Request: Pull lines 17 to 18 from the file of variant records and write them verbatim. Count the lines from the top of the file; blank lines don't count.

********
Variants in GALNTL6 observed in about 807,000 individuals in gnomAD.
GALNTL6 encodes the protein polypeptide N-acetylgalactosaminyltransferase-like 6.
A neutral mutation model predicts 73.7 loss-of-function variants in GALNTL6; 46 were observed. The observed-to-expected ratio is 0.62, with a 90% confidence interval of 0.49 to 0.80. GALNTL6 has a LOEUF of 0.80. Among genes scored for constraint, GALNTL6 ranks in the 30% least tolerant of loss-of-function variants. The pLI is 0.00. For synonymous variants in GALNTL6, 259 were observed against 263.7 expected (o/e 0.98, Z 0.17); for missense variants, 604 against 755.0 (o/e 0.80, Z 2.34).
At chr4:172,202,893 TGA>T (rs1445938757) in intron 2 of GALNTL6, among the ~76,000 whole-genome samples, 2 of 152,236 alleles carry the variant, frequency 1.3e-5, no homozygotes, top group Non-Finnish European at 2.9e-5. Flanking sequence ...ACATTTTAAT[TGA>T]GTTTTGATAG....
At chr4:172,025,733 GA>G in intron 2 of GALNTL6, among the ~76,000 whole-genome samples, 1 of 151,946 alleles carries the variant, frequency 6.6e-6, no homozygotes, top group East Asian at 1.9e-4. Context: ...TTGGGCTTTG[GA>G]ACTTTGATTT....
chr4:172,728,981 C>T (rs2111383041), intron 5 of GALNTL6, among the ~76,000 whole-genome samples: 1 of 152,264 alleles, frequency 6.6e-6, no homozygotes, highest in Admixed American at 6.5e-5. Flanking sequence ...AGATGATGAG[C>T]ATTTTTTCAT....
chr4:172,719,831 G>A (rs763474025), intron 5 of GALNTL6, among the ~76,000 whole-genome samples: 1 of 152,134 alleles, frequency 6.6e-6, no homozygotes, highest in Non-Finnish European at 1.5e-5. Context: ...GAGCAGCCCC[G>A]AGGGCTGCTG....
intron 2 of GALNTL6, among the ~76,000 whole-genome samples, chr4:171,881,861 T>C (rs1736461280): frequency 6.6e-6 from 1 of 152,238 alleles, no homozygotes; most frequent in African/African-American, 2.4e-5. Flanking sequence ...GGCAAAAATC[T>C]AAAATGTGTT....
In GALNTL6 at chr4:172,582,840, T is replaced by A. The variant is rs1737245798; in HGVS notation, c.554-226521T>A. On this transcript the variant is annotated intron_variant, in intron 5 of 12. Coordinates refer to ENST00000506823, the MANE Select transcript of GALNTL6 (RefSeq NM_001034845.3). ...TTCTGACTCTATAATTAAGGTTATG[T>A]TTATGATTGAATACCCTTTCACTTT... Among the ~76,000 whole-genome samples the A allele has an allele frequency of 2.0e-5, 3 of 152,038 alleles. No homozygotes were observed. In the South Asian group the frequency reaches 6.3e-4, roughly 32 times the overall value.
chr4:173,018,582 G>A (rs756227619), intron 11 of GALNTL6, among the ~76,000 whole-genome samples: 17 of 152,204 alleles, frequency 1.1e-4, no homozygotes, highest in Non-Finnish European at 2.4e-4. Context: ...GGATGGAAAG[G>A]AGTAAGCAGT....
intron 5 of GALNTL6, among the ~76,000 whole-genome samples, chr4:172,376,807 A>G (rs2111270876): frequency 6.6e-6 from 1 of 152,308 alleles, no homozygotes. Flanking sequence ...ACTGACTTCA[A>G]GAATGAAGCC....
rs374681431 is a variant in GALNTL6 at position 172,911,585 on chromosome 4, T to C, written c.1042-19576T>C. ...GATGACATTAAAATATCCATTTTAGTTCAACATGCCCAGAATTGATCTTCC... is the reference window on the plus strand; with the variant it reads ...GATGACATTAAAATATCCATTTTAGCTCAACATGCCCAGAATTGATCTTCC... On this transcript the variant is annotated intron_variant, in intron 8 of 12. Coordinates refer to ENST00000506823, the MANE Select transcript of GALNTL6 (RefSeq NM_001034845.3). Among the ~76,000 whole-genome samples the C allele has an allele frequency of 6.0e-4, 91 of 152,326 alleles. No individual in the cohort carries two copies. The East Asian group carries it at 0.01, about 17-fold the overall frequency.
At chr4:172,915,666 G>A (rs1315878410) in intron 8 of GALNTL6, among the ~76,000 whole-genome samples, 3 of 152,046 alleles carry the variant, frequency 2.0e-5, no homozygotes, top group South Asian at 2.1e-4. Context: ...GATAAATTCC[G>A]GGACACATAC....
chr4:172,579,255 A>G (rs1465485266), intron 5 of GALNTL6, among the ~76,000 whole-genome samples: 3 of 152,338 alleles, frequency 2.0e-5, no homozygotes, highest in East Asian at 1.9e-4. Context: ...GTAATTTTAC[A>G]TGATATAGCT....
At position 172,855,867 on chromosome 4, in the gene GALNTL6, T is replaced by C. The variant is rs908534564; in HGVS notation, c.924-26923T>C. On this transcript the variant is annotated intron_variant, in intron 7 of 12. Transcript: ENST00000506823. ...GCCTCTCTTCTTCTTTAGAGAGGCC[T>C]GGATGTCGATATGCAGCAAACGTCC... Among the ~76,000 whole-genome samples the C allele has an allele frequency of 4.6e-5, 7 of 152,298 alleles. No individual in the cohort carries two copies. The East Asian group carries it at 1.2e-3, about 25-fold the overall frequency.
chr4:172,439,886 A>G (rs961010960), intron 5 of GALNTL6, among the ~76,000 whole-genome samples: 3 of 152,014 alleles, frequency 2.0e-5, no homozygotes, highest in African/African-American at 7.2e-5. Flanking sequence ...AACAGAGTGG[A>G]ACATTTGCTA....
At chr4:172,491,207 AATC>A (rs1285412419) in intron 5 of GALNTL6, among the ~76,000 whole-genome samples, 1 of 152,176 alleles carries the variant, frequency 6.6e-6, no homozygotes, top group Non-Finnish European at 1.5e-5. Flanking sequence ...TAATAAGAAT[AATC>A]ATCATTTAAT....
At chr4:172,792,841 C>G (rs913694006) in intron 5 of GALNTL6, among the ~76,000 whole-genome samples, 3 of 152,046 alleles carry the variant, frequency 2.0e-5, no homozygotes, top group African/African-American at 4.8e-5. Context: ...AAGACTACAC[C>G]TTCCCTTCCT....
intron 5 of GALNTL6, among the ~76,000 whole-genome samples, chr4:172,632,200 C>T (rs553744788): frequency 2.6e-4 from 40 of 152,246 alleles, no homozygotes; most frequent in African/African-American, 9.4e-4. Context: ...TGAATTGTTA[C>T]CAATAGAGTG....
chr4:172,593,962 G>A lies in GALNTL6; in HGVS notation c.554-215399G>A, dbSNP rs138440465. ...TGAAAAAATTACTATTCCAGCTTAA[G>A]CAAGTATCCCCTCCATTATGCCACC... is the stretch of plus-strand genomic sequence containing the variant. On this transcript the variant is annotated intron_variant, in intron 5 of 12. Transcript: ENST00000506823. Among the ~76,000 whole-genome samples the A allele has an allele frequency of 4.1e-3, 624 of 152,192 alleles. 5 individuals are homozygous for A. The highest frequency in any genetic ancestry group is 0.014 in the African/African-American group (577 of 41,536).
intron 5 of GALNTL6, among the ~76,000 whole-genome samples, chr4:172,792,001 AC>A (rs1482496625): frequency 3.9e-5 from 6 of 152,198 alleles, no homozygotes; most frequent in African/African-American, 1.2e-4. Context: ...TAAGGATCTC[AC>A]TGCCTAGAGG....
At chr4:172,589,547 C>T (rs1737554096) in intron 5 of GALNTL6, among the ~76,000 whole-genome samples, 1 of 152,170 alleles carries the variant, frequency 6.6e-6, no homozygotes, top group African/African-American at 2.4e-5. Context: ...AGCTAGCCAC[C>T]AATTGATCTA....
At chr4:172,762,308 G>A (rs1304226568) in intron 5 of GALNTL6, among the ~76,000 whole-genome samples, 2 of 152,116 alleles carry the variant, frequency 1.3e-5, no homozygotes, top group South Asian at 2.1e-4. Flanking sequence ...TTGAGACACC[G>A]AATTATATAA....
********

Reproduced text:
At chr4:172,491,207 AATC>A (rs1285412419) in intron 5 of GALNTL6, among the ~76,000 whole-genome samples, 1 of 152,176 alleles carries the variant, frequency 6.6e-6, no homozygotes, top group Non-Finnish European at 1.5e-5. Flanking sequence ...TAATAAGAAT[AATC>A]ATCATTTAAT....
At chr4:172,792,841 C>G (rs913694006) in intron 5 of GALNTL6, among the ~76,000 whole-genome samples, 3 of 152,046 alleles carry the variant, frequency 2.0e-5, no homozygotes, top group African/African-American at 4.8e-5. Context: ...AAGACTACAC[C>G]TTCCCTTCCT....